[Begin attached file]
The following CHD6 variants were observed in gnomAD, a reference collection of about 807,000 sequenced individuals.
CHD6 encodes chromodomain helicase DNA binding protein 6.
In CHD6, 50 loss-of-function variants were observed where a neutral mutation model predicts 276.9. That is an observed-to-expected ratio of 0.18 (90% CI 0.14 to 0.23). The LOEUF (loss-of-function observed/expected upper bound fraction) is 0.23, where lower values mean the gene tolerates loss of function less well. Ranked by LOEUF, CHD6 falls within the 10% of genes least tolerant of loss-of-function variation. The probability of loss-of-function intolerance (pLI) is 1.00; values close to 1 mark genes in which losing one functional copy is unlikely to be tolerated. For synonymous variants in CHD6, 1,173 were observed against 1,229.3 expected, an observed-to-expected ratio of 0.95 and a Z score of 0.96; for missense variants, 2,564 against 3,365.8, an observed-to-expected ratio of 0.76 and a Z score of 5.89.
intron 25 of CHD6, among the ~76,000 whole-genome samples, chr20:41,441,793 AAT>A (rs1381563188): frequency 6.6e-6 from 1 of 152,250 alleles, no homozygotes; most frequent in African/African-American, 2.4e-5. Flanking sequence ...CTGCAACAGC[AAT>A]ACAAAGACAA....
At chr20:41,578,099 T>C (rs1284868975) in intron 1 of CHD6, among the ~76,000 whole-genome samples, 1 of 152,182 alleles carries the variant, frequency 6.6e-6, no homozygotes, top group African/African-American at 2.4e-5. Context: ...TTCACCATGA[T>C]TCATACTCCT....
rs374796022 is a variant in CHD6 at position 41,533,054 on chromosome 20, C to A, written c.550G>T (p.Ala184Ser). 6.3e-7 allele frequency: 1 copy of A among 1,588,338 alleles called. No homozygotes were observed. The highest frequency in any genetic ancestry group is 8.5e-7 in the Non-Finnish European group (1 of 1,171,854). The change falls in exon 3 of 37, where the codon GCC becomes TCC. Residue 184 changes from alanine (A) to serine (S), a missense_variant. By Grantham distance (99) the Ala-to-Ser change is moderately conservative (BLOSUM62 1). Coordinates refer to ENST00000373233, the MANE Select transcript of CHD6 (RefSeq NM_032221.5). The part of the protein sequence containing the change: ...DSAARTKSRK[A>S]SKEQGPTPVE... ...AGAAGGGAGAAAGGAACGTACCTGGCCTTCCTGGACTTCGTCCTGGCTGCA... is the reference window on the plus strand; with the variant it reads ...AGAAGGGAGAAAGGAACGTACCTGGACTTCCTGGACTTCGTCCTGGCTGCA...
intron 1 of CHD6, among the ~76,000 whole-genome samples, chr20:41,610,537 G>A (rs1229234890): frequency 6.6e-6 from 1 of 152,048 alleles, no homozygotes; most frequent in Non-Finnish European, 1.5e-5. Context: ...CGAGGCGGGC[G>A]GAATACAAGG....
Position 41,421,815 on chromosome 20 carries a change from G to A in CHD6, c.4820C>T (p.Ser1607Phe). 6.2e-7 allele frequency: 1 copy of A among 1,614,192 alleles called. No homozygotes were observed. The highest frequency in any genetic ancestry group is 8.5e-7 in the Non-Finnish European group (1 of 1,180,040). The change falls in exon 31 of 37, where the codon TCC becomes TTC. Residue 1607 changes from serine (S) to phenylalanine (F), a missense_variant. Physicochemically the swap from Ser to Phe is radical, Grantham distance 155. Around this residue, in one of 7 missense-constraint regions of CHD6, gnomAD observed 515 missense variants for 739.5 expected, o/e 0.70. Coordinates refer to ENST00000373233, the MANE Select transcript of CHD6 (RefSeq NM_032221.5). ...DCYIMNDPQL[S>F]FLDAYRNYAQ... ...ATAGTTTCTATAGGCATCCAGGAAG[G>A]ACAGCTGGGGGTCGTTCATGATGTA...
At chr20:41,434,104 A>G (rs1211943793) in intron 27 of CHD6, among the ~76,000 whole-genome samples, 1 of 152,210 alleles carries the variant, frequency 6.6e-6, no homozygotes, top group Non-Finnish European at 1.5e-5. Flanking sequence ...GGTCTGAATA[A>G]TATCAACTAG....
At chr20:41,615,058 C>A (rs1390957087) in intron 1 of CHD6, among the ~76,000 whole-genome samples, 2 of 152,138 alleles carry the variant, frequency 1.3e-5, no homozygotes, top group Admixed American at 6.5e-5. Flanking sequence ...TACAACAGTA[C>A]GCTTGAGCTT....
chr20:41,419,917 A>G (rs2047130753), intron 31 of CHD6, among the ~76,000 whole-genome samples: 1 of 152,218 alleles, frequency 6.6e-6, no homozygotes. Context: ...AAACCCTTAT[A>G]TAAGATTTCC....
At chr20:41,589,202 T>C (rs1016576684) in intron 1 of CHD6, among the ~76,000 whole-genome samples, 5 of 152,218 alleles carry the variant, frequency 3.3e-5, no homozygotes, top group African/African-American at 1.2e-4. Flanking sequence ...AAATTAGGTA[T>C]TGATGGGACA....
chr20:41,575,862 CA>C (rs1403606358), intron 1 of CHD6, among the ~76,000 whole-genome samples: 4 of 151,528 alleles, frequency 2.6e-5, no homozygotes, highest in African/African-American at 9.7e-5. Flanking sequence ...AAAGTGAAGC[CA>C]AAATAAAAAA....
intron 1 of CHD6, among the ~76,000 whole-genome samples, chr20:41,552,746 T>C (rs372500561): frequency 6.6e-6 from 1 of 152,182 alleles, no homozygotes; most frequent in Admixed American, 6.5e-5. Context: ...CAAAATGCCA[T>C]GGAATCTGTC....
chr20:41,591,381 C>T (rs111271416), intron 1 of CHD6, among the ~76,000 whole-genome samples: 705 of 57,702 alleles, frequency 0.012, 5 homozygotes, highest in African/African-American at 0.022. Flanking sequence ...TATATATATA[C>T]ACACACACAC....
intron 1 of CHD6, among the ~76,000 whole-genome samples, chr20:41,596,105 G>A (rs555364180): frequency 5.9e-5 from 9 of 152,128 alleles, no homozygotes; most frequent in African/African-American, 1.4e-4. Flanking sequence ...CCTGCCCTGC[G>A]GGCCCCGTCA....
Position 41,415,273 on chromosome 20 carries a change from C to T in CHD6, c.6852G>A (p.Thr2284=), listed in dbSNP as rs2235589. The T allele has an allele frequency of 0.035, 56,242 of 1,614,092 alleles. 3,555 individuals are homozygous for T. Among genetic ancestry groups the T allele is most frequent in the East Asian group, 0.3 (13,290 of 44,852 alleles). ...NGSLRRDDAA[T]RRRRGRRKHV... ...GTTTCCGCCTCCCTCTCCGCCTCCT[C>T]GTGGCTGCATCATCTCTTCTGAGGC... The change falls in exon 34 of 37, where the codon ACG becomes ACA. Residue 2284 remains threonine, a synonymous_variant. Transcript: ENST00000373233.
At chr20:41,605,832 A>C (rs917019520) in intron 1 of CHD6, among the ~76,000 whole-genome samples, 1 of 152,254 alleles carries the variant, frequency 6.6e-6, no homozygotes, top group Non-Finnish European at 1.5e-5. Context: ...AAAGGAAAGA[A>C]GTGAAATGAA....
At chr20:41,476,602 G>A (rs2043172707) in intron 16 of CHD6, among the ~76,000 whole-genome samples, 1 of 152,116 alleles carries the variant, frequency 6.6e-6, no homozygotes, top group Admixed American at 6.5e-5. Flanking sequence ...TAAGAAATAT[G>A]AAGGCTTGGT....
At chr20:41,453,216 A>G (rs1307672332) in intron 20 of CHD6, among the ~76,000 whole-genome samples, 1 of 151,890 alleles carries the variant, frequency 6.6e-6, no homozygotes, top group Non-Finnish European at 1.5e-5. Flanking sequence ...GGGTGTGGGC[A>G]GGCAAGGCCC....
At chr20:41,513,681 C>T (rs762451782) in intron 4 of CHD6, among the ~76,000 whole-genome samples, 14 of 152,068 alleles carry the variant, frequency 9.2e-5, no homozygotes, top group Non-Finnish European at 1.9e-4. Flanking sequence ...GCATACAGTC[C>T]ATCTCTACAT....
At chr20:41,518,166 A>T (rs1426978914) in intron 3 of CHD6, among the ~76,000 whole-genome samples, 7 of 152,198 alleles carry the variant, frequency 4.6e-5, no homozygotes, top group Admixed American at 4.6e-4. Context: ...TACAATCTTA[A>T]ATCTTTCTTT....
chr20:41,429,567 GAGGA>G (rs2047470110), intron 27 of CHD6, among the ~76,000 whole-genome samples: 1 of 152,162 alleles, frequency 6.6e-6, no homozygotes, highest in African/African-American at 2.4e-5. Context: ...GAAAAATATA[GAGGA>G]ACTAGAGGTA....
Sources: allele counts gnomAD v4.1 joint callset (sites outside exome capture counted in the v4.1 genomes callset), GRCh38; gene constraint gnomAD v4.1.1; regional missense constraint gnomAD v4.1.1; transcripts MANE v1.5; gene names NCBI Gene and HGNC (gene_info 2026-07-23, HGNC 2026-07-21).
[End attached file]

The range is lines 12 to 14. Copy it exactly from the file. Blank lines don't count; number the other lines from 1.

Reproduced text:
At chr20:41,589,202 T>C (rs1016576684) in intron 1 of CHD6, among the ~76,000 whole-genome samples, 5 of 152,218 alleles carry the variant, frequency 3.3e-5, no homozygotes, top group African/African-American at 1.2e-4. Flanking sequence ...AAATTAGGTA[T>C]TGATGGGACA....
chr20:41,575,862 CA>C (rs1403606358), intron 1 of CHD6, among the ~76,000 whole-genome samples: 4 of 151,528 alleles, frequency 2.6e-5, no homozygotes, highest in African/African-American at 9.7e-5. Flanking sequence ...AAAGTGAAGC[CA>C]AAATAAAAAA....
intron 1 of CHD6, among the ~76,000 whole-genome samples, chr20:41,552,746 T>C (rs372500561): frequency 6.6e-6 from 1 of 152,182 alleles, no homozygotes; most frequent in Admixed American, 6.5e-5. Context: ...CAAAATGCCA[T>C]GGAATCTGTC....